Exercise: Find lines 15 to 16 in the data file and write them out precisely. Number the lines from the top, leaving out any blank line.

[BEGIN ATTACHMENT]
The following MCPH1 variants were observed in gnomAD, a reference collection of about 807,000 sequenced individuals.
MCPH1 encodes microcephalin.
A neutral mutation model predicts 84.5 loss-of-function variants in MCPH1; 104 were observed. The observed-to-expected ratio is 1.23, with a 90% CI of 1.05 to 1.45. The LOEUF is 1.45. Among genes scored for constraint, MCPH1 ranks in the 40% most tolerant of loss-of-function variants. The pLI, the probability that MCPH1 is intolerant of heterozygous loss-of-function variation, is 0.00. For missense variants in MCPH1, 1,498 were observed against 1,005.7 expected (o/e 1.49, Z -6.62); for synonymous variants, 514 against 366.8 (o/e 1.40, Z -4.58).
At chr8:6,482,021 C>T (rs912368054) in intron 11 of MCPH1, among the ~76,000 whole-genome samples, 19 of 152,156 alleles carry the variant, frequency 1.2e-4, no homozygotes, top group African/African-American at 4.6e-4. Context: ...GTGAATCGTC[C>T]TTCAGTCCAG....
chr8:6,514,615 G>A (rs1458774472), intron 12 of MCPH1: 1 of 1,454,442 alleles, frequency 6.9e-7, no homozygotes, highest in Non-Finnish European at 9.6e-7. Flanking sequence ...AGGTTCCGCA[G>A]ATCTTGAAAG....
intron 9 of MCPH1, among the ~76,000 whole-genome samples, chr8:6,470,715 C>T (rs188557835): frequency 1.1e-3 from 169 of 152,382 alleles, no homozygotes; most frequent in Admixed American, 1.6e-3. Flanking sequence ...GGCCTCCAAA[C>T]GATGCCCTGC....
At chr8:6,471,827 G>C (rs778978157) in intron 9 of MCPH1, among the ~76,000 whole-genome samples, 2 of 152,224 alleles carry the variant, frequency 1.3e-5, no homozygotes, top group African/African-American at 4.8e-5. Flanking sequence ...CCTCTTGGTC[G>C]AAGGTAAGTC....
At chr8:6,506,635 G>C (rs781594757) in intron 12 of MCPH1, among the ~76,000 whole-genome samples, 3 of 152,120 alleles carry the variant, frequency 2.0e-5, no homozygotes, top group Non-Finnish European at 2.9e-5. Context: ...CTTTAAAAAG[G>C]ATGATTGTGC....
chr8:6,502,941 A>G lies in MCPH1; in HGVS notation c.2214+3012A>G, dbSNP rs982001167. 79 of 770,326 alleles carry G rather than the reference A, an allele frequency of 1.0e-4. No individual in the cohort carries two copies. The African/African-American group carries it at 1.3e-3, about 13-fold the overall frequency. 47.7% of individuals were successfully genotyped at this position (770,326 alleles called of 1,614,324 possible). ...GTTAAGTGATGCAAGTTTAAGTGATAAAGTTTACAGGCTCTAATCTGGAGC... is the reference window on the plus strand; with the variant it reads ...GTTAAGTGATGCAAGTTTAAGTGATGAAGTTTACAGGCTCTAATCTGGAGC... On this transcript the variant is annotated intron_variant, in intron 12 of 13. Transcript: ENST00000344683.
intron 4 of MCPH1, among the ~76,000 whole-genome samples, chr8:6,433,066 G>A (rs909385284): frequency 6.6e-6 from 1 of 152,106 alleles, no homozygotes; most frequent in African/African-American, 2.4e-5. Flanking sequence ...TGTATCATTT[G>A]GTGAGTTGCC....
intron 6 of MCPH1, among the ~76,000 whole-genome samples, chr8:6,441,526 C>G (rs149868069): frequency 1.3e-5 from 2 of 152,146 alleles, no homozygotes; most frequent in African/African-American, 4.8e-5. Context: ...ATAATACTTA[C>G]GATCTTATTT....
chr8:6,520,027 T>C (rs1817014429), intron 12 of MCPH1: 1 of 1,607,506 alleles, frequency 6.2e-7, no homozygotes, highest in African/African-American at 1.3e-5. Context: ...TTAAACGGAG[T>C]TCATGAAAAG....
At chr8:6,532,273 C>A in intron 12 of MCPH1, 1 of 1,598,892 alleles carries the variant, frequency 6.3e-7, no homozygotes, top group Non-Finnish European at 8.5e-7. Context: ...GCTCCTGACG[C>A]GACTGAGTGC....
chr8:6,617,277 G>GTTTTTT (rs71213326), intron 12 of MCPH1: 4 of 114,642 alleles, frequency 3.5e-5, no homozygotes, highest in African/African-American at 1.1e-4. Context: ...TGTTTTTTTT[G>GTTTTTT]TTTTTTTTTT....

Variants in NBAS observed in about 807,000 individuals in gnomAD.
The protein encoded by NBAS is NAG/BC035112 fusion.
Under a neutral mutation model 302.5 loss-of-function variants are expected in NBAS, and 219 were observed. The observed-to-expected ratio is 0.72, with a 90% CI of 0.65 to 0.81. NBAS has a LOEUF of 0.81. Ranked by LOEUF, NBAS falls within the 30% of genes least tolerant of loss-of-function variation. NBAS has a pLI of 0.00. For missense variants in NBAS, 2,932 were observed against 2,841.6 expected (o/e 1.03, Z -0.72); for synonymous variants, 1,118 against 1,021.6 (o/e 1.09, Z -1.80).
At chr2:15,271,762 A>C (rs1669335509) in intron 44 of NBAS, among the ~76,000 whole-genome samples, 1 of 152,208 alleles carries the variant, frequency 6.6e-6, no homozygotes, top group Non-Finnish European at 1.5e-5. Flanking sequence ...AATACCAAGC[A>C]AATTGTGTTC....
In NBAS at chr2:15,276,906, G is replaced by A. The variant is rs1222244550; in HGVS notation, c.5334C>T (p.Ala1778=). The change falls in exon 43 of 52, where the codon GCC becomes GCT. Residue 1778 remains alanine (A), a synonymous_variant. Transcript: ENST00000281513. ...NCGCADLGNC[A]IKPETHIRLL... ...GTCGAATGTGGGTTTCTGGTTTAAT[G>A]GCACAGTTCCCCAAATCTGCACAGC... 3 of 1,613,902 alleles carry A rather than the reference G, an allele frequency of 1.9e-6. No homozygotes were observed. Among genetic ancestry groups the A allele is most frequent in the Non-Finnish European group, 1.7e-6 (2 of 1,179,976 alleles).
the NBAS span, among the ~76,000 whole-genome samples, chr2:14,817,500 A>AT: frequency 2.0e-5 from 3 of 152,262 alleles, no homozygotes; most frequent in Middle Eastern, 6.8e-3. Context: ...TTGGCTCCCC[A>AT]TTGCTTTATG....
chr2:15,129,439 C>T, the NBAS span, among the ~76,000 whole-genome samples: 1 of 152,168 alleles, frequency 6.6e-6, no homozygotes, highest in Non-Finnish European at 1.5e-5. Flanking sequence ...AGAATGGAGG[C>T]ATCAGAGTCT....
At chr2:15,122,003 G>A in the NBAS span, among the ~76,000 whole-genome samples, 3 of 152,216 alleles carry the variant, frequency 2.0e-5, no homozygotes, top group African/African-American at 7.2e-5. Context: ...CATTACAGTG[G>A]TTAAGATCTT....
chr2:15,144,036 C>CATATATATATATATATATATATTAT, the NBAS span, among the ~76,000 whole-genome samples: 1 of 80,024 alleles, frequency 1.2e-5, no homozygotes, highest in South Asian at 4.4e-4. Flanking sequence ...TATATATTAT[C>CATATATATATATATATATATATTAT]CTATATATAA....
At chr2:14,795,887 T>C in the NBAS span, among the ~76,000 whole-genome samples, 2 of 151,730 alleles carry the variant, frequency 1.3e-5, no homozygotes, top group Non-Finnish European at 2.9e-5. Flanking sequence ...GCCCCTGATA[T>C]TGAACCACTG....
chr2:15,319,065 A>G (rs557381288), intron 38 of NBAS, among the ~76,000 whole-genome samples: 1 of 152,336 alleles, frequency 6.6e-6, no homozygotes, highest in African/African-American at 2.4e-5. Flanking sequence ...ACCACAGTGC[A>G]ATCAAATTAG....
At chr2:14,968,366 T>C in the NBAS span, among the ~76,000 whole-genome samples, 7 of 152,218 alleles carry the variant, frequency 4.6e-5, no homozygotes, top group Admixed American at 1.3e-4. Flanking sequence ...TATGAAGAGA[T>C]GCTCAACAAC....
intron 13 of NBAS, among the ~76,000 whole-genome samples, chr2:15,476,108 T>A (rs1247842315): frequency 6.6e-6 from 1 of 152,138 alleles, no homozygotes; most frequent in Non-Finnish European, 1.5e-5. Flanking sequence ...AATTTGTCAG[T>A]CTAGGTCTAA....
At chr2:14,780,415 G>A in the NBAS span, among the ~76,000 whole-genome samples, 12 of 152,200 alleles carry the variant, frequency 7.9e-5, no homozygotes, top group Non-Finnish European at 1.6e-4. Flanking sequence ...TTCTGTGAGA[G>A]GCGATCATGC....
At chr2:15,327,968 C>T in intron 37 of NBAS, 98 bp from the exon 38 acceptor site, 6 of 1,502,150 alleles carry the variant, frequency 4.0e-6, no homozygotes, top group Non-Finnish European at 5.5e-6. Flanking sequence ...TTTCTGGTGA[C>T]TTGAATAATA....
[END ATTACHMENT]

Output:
Variants in NBAS observed in about 807,000 individuals in gnomAD.
The protein encoded by NBAS is NAG/BC035112 fusion.